Aside from a couple of pieces written for and others for the Hong Kong Jockey Club, my primary focus last week at Santa Anita was working as a member of the Breeders’ Cup notes team. This group included several veteran racing journalists now semi-retired freelancers as well racetrack publicists. The team gathers, assembles and disseminates information on the participants during the week leading up to the weekend and, on race days, shifts its focus to the race-by-race compilation of reaction of the involved humans. There were 14 members, which rivaled, in number, excluding the trade media – staffers representing the Daily Racing Form, The Blood-Horse and Thoroughbred Times and a smattering of others in service to various racing web sites – the total of domestic print media in attendance.

The decline of the racing press has followed in lockstep with the dissipation of the audience, the migration to off-site venues. This, coupled with satellite and cable television dissemination or races, takes the racing audience out of the grandstand and into alternative locales that include homes and offices. Sports editors in racing markets, who considered racing and wagering bedrock to the news package, were replaced by people who grew up in the age of OTB with no grasp of the sport or the machinations brought on by marriage of technology and negligent racing executives, who for decades have watched the live fan base decline without doing much to lure it back.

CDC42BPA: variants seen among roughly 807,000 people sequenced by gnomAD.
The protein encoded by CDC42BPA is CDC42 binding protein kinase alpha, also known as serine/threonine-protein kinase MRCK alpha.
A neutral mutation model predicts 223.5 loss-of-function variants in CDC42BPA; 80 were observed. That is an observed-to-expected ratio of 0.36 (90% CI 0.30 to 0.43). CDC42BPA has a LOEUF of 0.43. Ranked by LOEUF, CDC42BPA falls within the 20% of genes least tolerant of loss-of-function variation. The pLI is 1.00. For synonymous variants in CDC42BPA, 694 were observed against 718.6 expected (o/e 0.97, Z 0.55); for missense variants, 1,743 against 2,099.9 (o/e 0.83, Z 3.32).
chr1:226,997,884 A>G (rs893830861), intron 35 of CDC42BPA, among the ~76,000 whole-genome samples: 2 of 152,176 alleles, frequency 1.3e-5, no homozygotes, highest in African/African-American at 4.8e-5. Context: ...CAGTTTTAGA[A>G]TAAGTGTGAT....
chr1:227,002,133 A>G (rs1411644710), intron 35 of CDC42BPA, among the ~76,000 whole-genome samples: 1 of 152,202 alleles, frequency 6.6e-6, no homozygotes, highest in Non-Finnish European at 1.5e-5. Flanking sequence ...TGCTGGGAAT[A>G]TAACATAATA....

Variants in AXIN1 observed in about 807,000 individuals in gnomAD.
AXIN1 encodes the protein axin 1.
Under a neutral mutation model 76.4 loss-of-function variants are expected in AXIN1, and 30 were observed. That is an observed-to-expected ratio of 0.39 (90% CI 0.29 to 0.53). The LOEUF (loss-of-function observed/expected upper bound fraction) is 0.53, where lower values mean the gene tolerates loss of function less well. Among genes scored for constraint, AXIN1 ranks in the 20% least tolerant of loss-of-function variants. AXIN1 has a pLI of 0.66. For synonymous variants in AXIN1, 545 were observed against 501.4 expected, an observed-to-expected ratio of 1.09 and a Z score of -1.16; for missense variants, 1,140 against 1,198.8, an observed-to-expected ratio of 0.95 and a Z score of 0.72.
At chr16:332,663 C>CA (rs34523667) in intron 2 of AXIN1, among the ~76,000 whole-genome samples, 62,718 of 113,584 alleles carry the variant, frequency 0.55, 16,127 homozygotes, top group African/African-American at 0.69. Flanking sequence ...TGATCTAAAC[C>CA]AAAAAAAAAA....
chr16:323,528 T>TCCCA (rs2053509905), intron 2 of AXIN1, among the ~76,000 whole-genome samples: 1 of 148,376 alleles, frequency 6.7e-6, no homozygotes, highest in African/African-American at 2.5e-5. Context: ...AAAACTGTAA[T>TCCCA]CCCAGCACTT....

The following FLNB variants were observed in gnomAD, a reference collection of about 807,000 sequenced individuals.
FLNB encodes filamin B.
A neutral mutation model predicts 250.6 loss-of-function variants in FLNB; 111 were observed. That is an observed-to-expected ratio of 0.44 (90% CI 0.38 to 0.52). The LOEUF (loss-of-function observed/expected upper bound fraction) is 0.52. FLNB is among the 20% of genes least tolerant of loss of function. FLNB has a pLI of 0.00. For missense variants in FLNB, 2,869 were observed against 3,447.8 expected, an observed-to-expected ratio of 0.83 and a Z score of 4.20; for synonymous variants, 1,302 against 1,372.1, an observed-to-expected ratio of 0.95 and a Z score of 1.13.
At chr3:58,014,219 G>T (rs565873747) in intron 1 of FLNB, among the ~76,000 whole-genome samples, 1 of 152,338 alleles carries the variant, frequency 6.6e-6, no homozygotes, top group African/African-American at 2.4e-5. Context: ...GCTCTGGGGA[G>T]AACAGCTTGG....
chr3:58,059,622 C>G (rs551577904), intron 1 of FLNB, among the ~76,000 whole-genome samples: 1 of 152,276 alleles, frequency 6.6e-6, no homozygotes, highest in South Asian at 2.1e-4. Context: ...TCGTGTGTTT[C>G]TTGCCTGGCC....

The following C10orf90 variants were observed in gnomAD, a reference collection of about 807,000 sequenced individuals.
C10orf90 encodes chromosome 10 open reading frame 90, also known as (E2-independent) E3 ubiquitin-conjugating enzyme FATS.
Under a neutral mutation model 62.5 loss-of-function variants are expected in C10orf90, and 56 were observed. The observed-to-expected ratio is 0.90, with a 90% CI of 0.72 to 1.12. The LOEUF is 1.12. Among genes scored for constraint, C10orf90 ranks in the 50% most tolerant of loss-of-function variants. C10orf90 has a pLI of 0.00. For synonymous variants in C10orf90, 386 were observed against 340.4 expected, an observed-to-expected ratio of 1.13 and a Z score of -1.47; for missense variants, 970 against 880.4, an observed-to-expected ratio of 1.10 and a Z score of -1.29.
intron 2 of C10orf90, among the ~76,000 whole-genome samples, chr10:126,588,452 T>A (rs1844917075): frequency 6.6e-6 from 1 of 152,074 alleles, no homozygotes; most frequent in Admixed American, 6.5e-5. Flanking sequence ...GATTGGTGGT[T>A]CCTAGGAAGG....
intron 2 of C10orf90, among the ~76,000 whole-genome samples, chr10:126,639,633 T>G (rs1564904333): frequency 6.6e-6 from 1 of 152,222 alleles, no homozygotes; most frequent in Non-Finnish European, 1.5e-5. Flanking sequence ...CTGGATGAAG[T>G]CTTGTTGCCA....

So, cutbacks, buyouts and attrition have emptied many seats in the press boxes of American racetracks. (The new Gulfstream has no press box.) The decline cannot steepen. We have reached and foot of the cliff.

Readership surveys -- by which newspaper executives live and die – will always leave racing on the fringe because most who bought papers for racing coverage – charts, entries, selections and news – long ago stopped relying on newspapers. After a lifetime spent working on newspapers – 27 of those, in Florida and New York, devoted exclusively to racing, my own daily purchase is limited to the Wall Street Journal, New York Post and Daily Racing Form. The rest -- what’s worth reading -- is online. -- PM